WASHINGTON — Senators in both parties voiced frustration after they left a closed-door briefing Wednesday with National Intelligence Director Avril Haines, who declined to show them copies of the classified documents discovered at Donald Trump’s Mar-a-Lago resort and Joe Biden’s office and Delaware home.

Haines also refused to discuss the sensitive material, citing ongoing special counsel investigations, according to members of the Senate Intelligence Committee who attending the classified briefing.

Sen. Tom Cotton, R-Ark., was so furious after the briefing that he threatened to block presidential nominees or funding for some federal agencies until the Biden administration shows key lawmakers the classified documents.

“Whether it’s blocking nominees or withholding budgetary funds, Congress will impose pain on the administration until they provide these documents. And that is coming from both parties,” Cotton told reporters.

“I’m prepared to refuse consent or to fast-track any nominee for any department or agency and to take every step I can on every committee on which I serve to impose consequences on the administration until they provide these documents for the Congress to make our own informed judgment about the risk to national security.”

Senators were told Wednesday that Biden administration officials cannot brief Congress about a damage assessment of the documents until the special counsels investigating the Trump and Biden documents give the green light.

The bipartisan leaders of the Senate Intelligence panel emerged together from the secure briefing room and rejected the administration’s argument.

That is “not a tenable position,” said Intelligence Committee Chairman Mark Warner, D-Va. “What I think the director heard is she didn’t just hear it from Sen. Rubio and I. Literally every member of the committee, without exception, said this won’t stand.”

Sen. Marco Rubio, R-Fla., the committee’s vice chair, called it a “very unsatisfying hearing.”

“The bottom line is this: They won’t tell us what they have until the special counsel allows them to tell us. That’s an unacceptable position,” Rubio said.

Warner and others pointed out that the Senate Intelligence panel received regular briefings on Russian interference in the 2016 election at the same time a special counsel was appointed to investigate the matter.

The senators argued that their committee has oversight responsibilities for intelligence matters and that they need to be able to assess whether the discovery of classified documents at Trump’s and Biden’s unsecure homes and office poses a threat to national security. On Tuesday, news broke that a lawyer for former Vice President Mike Pence had discovered about a dozen documents at his home in Indiana and had turned them over to the FBI.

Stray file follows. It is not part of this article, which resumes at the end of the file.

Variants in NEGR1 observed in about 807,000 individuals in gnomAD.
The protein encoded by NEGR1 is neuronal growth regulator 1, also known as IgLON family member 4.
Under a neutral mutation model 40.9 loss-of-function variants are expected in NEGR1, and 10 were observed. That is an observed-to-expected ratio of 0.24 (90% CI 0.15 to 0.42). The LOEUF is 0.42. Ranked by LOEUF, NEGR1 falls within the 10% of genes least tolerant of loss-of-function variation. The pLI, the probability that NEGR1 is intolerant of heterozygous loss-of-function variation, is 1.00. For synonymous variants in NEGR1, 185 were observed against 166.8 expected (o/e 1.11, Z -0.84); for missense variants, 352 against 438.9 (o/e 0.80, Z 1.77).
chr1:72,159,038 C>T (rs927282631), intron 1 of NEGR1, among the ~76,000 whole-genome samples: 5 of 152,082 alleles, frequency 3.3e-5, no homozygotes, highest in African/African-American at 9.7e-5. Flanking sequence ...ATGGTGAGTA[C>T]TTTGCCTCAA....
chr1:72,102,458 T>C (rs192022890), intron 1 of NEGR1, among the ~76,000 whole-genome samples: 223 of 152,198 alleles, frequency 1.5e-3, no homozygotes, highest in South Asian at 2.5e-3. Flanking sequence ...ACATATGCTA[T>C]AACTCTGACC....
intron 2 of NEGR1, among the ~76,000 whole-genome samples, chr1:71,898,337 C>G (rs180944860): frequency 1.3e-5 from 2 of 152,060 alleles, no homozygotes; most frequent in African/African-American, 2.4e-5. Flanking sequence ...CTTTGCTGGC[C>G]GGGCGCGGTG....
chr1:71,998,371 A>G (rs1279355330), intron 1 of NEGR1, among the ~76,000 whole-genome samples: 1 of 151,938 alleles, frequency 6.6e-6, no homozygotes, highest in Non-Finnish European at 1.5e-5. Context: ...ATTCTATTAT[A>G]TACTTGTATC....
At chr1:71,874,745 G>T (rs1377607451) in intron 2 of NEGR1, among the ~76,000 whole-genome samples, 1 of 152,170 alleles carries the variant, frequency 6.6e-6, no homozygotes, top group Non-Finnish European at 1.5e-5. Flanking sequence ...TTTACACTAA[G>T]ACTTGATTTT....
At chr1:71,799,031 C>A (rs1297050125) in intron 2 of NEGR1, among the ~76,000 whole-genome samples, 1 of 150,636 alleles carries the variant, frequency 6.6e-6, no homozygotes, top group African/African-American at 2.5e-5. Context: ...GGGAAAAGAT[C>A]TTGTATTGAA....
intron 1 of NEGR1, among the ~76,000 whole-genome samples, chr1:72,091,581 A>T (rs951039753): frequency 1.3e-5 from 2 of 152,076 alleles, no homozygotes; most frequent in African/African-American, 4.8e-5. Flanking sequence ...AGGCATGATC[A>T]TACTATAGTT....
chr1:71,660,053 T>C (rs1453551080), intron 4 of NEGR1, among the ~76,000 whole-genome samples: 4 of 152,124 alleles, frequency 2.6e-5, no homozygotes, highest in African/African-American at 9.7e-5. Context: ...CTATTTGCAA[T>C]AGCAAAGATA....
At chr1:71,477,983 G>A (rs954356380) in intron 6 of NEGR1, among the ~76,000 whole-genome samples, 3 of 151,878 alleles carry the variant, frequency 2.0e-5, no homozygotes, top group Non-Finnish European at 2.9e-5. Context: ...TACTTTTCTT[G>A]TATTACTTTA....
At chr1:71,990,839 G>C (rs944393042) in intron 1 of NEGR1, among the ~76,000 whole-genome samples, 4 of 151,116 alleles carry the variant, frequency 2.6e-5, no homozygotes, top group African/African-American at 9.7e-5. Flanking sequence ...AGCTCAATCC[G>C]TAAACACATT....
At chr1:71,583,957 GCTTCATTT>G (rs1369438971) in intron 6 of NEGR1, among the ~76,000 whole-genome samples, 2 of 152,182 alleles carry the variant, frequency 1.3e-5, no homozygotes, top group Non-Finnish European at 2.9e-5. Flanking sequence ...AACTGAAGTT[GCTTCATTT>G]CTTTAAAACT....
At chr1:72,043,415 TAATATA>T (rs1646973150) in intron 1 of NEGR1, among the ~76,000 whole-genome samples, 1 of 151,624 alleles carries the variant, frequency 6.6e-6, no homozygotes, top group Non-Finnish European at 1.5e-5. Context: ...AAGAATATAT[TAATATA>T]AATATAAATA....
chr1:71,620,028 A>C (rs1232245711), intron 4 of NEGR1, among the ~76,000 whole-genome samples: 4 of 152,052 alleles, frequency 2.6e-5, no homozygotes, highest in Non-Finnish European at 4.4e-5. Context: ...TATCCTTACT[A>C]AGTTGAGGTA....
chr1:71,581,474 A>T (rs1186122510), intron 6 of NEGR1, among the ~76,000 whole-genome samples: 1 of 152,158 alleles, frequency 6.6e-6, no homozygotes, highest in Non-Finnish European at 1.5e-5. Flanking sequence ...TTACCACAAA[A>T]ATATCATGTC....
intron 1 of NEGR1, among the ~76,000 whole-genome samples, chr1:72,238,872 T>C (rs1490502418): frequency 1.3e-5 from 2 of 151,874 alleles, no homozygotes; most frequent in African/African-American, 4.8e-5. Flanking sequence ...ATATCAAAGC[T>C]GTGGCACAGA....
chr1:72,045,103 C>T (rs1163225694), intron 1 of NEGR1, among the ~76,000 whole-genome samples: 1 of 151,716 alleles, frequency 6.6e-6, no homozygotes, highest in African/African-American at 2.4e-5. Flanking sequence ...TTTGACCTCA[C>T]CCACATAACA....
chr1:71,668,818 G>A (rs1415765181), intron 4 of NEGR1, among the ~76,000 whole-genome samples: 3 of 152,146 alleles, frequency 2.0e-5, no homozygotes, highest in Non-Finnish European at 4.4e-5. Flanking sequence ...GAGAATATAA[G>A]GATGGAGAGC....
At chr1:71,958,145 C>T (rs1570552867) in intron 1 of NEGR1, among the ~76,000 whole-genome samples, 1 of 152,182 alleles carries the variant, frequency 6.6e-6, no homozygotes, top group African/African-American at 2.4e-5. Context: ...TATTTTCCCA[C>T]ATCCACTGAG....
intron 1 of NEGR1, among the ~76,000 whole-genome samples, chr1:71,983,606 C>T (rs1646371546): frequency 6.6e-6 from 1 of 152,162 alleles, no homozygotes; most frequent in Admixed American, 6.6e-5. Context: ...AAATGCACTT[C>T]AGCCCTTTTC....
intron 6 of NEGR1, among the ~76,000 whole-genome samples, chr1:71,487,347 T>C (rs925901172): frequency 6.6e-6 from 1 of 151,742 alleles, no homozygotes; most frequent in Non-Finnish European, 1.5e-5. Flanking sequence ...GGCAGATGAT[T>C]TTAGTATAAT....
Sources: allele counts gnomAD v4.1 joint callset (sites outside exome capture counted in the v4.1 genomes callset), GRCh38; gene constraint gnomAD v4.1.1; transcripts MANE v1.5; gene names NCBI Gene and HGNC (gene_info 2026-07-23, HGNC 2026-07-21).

“We’ve got a job to do, and we’re going to do it,” Warner said.

Another committee member, Sen. John Cornyn, R-Texas, said there is “a lot of concern” about Haines and other intelligence officials’ deferring to the Justice Department on deciding who gets access to the recovered classified documents. 

“Typically, in a criminal investigation or a law enforcement investigation, we wouldn’t want to talk about that to protect the integrity of the investigation and the rights of the person being investigated,” said Cornyn, a former Texas attorney general.

“But here, there are larger concerns, public safety concerns, national security concerns that make this an exceptional case.” 

Wednesday’s briefing with Haines had not been scheduled to focus on the documents; it was one of the regular updates she gives the Intelligence Committee. Haines made no public statements as she left the briefing in the sensitive compartmented information facility, known as the SCIF.

Lawmakers in both parties and in both chambers expressed worry and exasperation that the government’s system for labeling and tracking thousands of classified documents appears to be broken.

“It seems to be a problem that is unique to the executive branch, but we’ll figure it all out. It’s good that Americans are thinking about our national security,” said Sen. Lindsey Graham of South Carolina, the top Republican on the Judiciary Committee.

“I’m not saying anything bad about the three [Biden, Trump and Pence], but classified information in the wrong hands can create problems for our country, put people at risk. That’s why this stuff is important.”

Scott Wong

Scott Wong is a senior congressional reporter for NBC News. 

Liz Brown-Kaiser

Liz Brown-Kaiser covers Capitol Hill for NBC News.

Frank Thorp V

Frank Thorp V is a producer and off-air reporter covering Congress for NBC News, managing coverage of the Senate.

Read More

Leave a Reply

Your email address will not be published. Required fields are marked *